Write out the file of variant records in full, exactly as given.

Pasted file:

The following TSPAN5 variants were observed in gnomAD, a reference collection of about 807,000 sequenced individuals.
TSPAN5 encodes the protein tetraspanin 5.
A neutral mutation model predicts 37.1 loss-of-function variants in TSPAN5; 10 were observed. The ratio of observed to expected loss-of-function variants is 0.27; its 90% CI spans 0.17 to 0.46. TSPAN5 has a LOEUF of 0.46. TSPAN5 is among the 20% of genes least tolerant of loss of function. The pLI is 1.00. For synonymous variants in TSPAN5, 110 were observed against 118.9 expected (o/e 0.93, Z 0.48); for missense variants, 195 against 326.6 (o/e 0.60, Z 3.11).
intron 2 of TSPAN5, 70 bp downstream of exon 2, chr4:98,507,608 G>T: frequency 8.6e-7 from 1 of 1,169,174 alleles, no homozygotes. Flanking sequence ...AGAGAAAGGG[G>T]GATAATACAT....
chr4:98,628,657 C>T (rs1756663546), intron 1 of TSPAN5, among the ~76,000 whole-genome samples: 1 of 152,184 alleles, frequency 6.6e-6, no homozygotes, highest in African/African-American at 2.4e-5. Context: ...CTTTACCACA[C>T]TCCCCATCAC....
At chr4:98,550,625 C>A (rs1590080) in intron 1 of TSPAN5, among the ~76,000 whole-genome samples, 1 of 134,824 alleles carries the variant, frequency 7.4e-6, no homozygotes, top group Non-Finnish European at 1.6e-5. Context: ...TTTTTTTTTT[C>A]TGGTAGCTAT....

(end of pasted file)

The following TSPAN5 variants were observed in gnomAD, a reference collection of about 807,000 sequenced individuals.
TSPAN5 encodes the protein tetraspanin 5.
A neutral mutation model predicts 37.1 loss-of-function variants in TSPAN5; 10 were observed. The ratio of observed to expected loss-of-function variants is 0.27; its 90% CI spans 0.17 to 0.46. TSPAN5 has a LOEUF of 0.46. TSPAN5 is among the 20% of genes least tolerant of loss of function. The pLI is 1.00. For synonymous variants in TSPAN5, 110 were observed against 118.9 expected (o/e 0.93, Z 0.48); for missense variants, 195 against 326.6 (o/e 0.60, Z 3.11).
intron 2 of TSPAN5, 70 bp downstream of exon 2, chr4:98,507,608 G>T: frequency 8.6e-7 from 1 of 1,169,174 alleles, no homozygotes. Flanking sequence ...AGAGAAAGGG[G>T]GATAATACAT....
chr4:98,628,657 C>T (rs1756663546), intron 1 of TSPAN5, among the ~76,000 whole-genome samples: 1 of 152,184 alleles, frequency 6.6e-6, no homozygotes, highest in African/African-American at 2.4e-5. Context: ...CTTTACCACA[C>T]TCCCCATCAC....
At chr4:98,550,625 C>A (rs1590080) in intron 1 of TSPAN5, among the ~76,000 whole-genome samples, 1 of 134,824 alleles carries the variant, frequency 7.4e-6, no homozygotes, top group Non-Finnish European at 1.6e-5. Context: ...TTTTTTTTTT[C>A]TGGTAGCTAT....